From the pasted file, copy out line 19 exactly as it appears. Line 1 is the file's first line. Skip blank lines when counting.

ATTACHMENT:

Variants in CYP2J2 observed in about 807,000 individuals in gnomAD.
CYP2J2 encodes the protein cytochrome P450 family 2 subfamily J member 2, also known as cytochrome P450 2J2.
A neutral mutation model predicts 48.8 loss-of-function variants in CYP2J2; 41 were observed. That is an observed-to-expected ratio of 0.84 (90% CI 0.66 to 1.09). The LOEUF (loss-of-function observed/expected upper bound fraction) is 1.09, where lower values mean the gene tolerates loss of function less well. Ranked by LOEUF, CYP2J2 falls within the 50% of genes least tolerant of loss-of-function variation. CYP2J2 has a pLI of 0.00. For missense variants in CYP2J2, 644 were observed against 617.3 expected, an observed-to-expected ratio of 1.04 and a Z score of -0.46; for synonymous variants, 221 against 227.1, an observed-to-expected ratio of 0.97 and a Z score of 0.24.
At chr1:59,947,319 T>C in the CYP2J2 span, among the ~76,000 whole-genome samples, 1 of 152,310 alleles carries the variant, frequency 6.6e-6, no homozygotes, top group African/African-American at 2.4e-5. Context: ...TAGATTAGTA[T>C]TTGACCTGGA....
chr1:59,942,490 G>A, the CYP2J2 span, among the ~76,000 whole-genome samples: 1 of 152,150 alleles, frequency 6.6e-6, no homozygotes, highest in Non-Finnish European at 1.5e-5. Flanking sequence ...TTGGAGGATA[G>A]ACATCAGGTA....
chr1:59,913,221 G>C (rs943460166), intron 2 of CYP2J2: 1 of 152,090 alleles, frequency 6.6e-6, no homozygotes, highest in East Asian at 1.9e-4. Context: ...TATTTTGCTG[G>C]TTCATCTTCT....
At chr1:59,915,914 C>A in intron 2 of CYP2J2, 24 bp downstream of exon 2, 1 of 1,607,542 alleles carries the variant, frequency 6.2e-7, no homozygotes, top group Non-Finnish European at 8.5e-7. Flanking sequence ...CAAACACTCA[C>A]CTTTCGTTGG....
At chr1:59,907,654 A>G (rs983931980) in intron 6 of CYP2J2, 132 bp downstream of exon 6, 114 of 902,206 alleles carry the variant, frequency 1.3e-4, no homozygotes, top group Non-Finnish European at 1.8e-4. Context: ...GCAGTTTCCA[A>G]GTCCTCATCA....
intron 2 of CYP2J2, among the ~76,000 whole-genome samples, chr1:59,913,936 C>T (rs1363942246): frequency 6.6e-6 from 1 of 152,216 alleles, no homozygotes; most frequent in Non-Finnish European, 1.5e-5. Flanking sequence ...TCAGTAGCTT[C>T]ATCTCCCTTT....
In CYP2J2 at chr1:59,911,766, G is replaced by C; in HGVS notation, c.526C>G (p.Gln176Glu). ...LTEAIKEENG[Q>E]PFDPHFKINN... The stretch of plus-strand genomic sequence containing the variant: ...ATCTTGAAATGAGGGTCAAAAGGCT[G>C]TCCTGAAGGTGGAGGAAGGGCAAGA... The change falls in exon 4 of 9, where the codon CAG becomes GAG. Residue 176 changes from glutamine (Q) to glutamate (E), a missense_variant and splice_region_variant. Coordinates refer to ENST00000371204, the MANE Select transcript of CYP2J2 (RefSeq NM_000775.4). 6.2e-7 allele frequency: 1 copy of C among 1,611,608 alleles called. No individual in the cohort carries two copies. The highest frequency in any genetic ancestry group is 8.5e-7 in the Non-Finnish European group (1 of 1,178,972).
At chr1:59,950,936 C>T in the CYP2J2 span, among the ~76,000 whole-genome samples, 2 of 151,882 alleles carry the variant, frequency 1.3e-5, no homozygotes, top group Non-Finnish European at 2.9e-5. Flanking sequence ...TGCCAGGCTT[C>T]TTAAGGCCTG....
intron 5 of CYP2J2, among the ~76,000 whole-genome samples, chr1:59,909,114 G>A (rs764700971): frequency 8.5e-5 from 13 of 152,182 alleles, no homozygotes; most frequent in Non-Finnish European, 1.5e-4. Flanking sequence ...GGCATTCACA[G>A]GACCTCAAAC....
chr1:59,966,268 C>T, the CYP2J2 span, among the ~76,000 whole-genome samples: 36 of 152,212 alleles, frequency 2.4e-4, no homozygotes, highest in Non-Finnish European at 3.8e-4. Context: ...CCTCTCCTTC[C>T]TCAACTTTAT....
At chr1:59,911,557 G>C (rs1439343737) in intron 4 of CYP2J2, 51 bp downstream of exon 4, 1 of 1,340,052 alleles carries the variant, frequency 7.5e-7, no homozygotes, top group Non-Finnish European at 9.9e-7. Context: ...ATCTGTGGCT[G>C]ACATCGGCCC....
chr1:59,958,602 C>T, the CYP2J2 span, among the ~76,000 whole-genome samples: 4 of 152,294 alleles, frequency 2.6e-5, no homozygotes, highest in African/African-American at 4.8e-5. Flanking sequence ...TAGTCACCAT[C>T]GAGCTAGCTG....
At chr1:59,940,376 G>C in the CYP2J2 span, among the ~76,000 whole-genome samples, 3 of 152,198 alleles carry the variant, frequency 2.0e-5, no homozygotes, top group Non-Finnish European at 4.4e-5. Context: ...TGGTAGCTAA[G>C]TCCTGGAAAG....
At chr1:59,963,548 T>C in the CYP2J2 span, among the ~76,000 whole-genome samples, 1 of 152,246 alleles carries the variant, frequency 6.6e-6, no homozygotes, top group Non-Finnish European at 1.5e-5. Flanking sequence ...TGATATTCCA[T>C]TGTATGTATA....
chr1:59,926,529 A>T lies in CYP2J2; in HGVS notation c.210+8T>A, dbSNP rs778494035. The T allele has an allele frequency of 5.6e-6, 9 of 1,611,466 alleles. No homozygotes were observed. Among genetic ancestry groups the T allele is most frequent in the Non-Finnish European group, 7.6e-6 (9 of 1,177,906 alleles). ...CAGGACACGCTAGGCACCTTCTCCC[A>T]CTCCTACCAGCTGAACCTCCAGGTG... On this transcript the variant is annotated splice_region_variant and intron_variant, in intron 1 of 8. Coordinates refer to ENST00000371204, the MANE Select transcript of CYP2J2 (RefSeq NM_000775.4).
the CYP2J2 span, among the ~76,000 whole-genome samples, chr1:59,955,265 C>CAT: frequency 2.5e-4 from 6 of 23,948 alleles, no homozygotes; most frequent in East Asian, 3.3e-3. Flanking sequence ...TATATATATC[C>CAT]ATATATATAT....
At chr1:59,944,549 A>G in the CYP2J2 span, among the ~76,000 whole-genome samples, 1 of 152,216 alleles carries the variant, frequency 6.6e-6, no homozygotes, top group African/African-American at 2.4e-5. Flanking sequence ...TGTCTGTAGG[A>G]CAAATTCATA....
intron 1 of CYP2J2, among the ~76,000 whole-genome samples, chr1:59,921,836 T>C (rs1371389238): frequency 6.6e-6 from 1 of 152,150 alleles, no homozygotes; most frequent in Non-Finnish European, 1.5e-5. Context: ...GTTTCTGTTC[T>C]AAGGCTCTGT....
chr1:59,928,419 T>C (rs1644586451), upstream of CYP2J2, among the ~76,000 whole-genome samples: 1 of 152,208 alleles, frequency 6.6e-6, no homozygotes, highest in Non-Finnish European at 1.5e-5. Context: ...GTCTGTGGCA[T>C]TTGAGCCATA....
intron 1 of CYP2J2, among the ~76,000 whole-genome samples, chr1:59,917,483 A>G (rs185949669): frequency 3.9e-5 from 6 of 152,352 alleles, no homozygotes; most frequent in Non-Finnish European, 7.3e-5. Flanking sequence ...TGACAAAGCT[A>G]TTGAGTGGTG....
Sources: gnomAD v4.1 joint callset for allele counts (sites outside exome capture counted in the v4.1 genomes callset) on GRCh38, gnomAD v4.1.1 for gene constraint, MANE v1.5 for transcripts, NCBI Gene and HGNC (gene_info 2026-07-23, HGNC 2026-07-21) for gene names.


the CYP2J2 span, among the ~76,000 whole-genome samples, chr1:59,955,265 C>CAT: frequency 2.5e-4 from 6 of 23,948 alleles, no homozygotes; most frequent in East Asian, 3.3e-3. Flanking sequence ...TATATATATC[C>CAT]ATATATATAT....